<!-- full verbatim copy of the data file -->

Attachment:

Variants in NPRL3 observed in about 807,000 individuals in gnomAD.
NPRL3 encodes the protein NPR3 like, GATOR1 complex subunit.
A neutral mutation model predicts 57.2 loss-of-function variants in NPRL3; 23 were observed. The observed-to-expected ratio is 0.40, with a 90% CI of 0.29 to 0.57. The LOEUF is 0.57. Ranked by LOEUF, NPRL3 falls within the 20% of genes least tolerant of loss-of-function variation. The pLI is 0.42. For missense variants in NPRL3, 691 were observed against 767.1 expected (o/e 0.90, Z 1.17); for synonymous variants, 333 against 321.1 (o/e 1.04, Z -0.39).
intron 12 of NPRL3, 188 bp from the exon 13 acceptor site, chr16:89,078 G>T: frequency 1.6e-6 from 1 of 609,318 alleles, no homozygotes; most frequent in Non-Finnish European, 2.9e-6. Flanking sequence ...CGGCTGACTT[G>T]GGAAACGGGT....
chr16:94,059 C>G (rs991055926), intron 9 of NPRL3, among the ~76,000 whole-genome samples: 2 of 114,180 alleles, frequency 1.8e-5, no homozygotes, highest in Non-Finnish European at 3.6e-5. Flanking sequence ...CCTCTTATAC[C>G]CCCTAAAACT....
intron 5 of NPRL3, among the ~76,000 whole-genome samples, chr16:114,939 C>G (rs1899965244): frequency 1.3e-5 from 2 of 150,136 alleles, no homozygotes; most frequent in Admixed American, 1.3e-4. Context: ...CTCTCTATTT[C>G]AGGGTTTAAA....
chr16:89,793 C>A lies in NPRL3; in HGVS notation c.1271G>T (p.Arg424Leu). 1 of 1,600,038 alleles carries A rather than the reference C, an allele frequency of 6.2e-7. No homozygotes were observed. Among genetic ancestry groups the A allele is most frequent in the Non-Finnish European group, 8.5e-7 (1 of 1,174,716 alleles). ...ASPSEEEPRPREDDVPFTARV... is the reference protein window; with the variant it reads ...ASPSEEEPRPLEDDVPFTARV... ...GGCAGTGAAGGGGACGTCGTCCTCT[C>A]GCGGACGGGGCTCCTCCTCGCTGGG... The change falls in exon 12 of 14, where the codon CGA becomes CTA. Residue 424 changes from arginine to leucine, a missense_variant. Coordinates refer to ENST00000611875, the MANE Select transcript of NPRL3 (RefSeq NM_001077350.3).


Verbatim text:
Variants in NPRL3 observed in about 807,000 individuals in gnomAD.
NPRL3 encodes the protein NPR3 like, GATOR1 complex subunit.
A neutral mutation model predicts 57.2 loss-of-function variants in NPRL3; 23 were observed. The observed-to-expected ratio is 0.40, with a 90% CI of 0.29 to 0.57. The LOEUF is 0.57. Ranked by LOEUF, NPRL3 falls within the 20% of genes least tolerant of loss-of-function variation. The pLI is 0.42. For missense variants in NPRL3, 691 were observed against 767.1 expected (o/e 0.90, Z 1.17); for synonymous variants, 333 against 321.1 (o/e 1.04, Z -0.39).
intron 12 of NPRL3, 188 bp from the exon 13 acceptor site, chr16:89,078 G>T: frequency 1.6e-6 from 1 of 609,318 alleles, no homozygotes; most frequent in Non-Finnish European, 2.9e-6. Flanking sequence ...CGGCTGACTT[G>T]GGAAACGGGT....
chr16:94,059 C>G (rs991055926), intron 9 of NPRL3, among the ~76,000 whole-genome samples: 2 of 114,180 alleles, frequency 1.8e-5, no homozygotes, highest in Non-Finnish European at 3.6e-5. Flanking sequence ...CCTCTTATAC[C>G]CCCTAAAACT....
intron 5 of NPRL3, among the ~76,000 whole-genome samples, chr16:114,939 C>G (rs1899965244): frequency 1.3e-5 from 2 of 150,136 alleles, no homozygotes; most frequent in Admixed American, 1.3e-4. Context: ...CTCTCTATTT[C>G]AGGGTTTAAA....
chr16:89,793 C>A lies in NPRL3; in HGVS notation c.1271G>T (p.Arg424Leu). 1 of 1,600,038 alleles carries A rather than the reference C, an allele frequency of 6.2e-7. No homozygotes were observed. Among genetic ancestry groups the A allele is most frequent in the Non-Finnish European group, 8.5e-7 (1 of 1,174,716 alleles). ...ASPSEEEPRPREDDVPFTARV... is the reference protein window; with the variant it reads ...ASPSEEEPRPLEDDVPFTARV... ...GGCAGTGAAGGGGACGTCGTCCTCT[C>A]GCGGACGGGGCTCCTCCTCGCTGGG... The change falls in exon 12 of 14, where the codon CGA becomes CTA. Residue 424 changes from arginine to leucine, a missense_variant. Coordinates refer to ENST00000611875, the MANE Select transcript of NPRL3 (RefSeq NM_001077350.3).